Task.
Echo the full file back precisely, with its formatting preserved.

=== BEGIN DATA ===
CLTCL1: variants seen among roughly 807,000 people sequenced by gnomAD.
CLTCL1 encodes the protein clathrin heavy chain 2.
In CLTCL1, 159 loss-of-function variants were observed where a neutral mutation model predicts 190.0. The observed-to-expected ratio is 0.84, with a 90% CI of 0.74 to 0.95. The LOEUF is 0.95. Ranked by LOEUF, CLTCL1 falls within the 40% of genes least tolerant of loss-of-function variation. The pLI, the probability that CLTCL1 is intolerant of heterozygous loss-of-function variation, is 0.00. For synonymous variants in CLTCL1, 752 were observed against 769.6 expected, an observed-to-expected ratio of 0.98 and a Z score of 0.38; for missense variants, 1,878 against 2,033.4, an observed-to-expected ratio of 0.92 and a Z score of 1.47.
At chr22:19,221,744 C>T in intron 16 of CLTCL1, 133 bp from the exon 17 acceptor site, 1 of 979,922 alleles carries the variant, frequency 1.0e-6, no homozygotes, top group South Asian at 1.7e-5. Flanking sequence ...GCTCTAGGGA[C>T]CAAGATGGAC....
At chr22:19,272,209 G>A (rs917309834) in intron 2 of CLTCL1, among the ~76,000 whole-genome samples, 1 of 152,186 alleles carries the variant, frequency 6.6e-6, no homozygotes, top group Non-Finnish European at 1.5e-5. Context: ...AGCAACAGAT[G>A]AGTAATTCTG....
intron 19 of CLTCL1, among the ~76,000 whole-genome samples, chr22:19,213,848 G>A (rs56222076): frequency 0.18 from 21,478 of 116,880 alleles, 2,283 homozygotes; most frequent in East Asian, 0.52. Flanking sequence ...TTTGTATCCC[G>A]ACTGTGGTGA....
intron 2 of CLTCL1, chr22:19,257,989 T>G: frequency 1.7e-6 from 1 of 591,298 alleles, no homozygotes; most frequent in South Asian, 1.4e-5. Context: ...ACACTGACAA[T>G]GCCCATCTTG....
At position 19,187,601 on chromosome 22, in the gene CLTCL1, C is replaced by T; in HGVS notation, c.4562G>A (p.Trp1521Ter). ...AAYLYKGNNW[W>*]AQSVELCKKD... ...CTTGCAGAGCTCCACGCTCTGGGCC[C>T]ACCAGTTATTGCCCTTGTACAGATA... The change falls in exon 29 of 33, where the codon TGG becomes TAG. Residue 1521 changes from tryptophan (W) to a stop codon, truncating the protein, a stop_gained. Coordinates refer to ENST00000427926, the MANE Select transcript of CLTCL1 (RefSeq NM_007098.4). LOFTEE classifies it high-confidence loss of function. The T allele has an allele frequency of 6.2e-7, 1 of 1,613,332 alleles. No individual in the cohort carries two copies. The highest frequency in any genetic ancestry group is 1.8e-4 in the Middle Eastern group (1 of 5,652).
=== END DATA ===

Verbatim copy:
CLTCL1: variants seen among roughly 807,000 people sequenced by gnomAD.
CLTCL1 encodes the protein clathrin heavy chain 2.
In CLTCL1, 159 loss-of-function variants were observed where a neutral mutation model predicts 190.0. The observed-to-expected ratio is 0.84, with a 90% CI of 0.74 to 0.95. The LOEUF is 0.95. Ranked by LOEUF, CLTCL1 falls within the 40% of genes least tolerant of loss-of-function variation. The pLI, the probability that CLTCL1 is intolerant of heterozygous loss-of-function variation, is 0.00. For synonymous variants in CLTCL1, 752 were observed against 769.6 expected, an observed-to-expected ratio of 0.98 and a Z score of 0.38; for missense variants, 1,878 against 2,033.4, an observed-to-expected ratio of 0.92 and a Z score of 1.47.
At chr22:19,221,744 C>T in intron 16 of CLTCL1, 133 bp from the exon 17 acceptor site, 1 of 979,922 alleles carries the variant, frequency 1.0e-6, no homozygotes, top group South Asian at 1.7e-5. Flanking sequence ...GCTCTAGGGA[C>T]CAAGATGGAC....
At chr22:19,272,209 G>A (rs917309834) in intron 2 of CLTCL1, among the ~76,000 whole-genome samples, 1 of 152,186 alleles carries the variant, frequency 6.6e-6, no homozygotes, top group Non-Finnish European at 1.5e-5. Context: ...AGCAACAGAT[G>A]AGTAATTCTG....
intron 19 of CLTCL1, among the ~76,000 whole-genome samples, chr22:19,213,848 G>A (rs56222076): frequency 0.18 from 21,478 of 116,880 alleles, 2,283 homozygotes; most frequent in East Asian, 0.52. Flanking sequence ...TTTGTATCCC[G>A]ACTGTGGTGA....
intron 2 of CLTCL1, chr22:19,257,989 T>G: frequency 1.7e-6 from 1 of 591,298 alleles, no homozygotes; most frequent in South Asian, 1.4e-5. Context: ...ACACTGACAA[T>G]GCCCATCTTG....
At position 19,187,601 on chromosome 22, in the gene CLTCL1, C is replaced by T; in HGVS notation, c.4562G>A (p.Trp1521Ter). ...AAYLYKGNNW[W>*]AQSVELCKKD... ...CTTGCAGAGCTCCACGCTCTGGGCC[C>T]ACCAGTTATTGCCCTTGTACAGATA... The change falls in exon 29 of 33, where the codon TGG becomes TAG. Residue 1521 changes from tryptophan (W) to a stop codon, truncating the protein, a stop_gained. Coordinates refer to ENST00000427926, the MANE Select transcript of CLTCL1 (RefSeq NM_007098.4). LOFTEE classifies it high-confidence loss of function. The T allele has an allele frequency of 6.2e-7, 1 of 1,613,332 alleles. No individual in the cohort carries two copies. The highest frequency in any genetic ancestry group is 1.8e-4 in the Middle Eastern group (1 of 5,652).